guest blogger john hare
Â I fail to understand the attraction of the complex nuclear and electric engines for deep space maneuvering when solar thermal promises to be so much simpler and higher performance. A few simple modifications to the normal methods of heating the working fluid and nuclear thermal becomes an under performing, over politicized dead end.
There has been some work in laser launch on letting the beam hit particles in the exhaust rather than the solid portions of the engine itself. By constantly reheating the expanding gasses with the heat pumped into the smog particles, the natural tendency of expanding gasses to cool is counteracted so that a relatively cool exhaust through the throat has an unlimited expansion ratio. Unlimited by physics, not by optimum mass and performance. The smog/water propellant for laser launch could exceed the Isp and T/W of the SSMEs by a good margin. Smog /hydrogen Isp can be toward 2,000.
Laser and other beamed propulsion has to contend with the financial aspects of beating established techniques for Earth launch. The business case doesn’t close unless extremely high launch volumes are projected due to the high capital costs. Solar in space can use the same techniquesÂ without the same problems faced by lasers. Propulsion mass and propellant must be lifted anyway, the most efficient means of using them should score high in a trade study, and hardware costs should be well below most of the competitors.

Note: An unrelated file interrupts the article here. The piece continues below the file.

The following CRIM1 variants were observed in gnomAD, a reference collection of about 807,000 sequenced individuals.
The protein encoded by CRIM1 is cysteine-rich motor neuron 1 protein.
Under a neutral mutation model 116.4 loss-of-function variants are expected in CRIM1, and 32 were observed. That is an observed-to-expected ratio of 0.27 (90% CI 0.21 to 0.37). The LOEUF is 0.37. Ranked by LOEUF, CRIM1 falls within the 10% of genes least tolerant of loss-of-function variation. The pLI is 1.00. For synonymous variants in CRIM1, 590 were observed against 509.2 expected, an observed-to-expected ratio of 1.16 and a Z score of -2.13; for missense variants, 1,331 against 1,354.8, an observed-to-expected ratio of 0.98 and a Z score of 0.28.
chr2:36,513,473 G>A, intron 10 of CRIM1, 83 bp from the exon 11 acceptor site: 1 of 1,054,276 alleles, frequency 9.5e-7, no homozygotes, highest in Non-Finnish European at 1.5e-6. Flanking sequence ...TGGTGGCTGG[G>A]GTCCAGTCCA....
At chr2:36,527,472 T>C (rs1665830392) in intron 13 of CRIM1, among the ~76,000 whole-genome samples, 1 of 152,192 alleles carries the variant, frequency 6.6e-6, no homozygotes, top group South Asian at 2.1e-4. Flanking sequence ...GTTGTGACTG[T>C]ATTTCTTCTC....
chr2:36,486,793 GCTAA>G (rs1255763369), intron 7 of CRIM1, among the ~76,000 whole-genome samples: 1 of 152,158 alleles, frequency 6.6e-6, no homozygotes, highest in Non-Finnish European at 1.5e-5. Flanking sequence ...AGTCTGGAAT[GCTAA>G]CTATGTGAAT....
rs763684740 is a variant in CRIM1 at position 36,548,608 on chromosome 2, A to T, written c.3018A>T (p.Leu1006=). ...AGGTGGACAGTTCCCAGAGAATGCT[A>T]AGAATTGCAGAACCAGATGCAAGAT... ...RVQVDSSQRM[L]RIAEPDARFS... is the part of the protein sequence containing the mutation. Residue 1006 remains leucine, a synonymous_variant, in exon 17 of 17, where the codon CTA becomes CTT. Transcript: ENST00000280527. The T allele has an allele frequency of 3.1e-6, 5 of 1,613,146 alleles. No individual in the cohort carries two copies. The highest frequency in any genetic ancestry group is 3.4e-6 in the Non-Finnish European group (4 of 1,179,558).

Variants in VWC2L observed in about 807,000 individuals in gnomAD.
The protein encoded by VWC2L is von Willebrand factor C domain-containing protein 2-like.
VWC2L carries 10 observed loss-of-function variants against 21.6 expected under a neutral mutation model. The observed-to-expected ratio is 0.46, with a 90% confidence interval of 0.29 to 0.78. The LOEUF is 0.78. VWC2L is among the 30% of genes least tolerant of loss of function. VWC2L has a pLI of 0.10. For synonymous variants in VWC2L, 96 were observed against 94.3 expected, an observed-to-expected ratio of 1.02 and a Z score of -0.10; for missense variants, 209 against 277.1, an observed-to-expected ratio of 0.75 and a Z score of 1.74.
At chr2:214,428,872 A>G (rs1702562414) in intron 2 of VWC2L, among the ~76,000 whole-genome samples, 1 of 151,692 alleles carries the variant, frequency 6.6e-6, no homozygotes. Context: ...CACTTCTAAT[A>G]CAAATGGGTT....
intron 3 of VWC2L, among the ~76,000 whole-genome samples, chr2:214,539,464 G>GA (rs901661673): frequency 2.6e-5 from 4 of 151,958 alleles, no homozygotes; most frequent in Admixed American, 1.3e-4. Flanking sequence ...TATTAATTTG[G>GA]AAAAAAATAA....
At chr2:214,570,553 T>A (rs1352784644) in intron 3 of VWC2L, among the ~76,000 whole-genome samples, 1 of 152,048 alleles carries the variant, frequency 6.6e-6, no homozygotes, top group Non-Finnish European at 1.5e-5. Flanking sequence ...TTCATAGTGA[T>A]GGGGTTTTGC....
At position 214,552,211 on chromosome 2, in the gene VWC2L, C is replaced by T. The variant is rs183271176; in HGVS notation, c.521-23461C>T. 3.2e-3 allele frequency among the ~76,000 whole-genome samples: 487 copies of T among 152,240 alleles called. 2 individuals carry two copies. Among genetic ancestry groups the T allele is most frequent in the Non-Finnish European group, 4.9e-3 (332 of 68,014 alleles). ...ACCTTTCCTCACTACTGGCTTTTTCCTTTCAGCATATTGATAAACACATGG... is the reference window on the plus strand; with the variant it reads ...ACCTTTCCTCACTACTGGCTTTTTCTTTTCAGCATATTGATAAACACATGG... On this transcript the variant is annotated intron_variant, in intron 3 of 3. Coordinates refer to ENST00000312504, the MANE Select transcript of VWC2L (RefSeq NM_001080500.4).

The sunlight cannot be focused to a tight spot right into the ‘combustion’ bell as a laser could. Even if the mirrors were dead astern, they would be in the exhaust path which would be most unfortunate. By using one side of the linear aerospike concept, sunlight can be focused on the expansion plume without the mirrors being close to the exhaust path at all. Most of the light will hit the smog particles in the expanding plume for some really intense afterburning effects. The exhaustÂ can be in the thousands of degrees even in the exit plane of the nozzle.
The nozzle will get some heating from the sunlight that ‘leaks’ through the smog as well as from the exhaust gasses. Enough heat will be absorbed to run the expander cycle propellant pump, as well as enough heat for the initialÂ expansion through the throat to supersonic velocities. The solid portions of the engine will never be subjected to the temperatures of nuclear thermal or most competing solar thermal concepts. With propellant use in the grams per second, a large number of very small throats will be requires to feed the large expansion ratio. This is the one side linear aerospike layout with perhaps dozens of throats.
Most desired thrust directions in deep space missions will be at close to 90 degrees from the sun. Either accelerating or decelerating will be modification of a solar orbit. This allows the mirror to be in a constant relative position to the ship off to one side and slightly behind the engine section. While very large, the mirror is not necessarily massive. It is however, awkward and off center. With the low thrusts that will be used, less than 1 m/s, the mirror will never see more than 1/10 gee. The supporting truss can be a gossamer affair with almost fishing line size cables for mirror support. The counterweight can be almost anything useful to the mission.
If coasting periods are sufficiently long, the truss might be adaptable for a centrifugal arm to provide some gravity to a small module.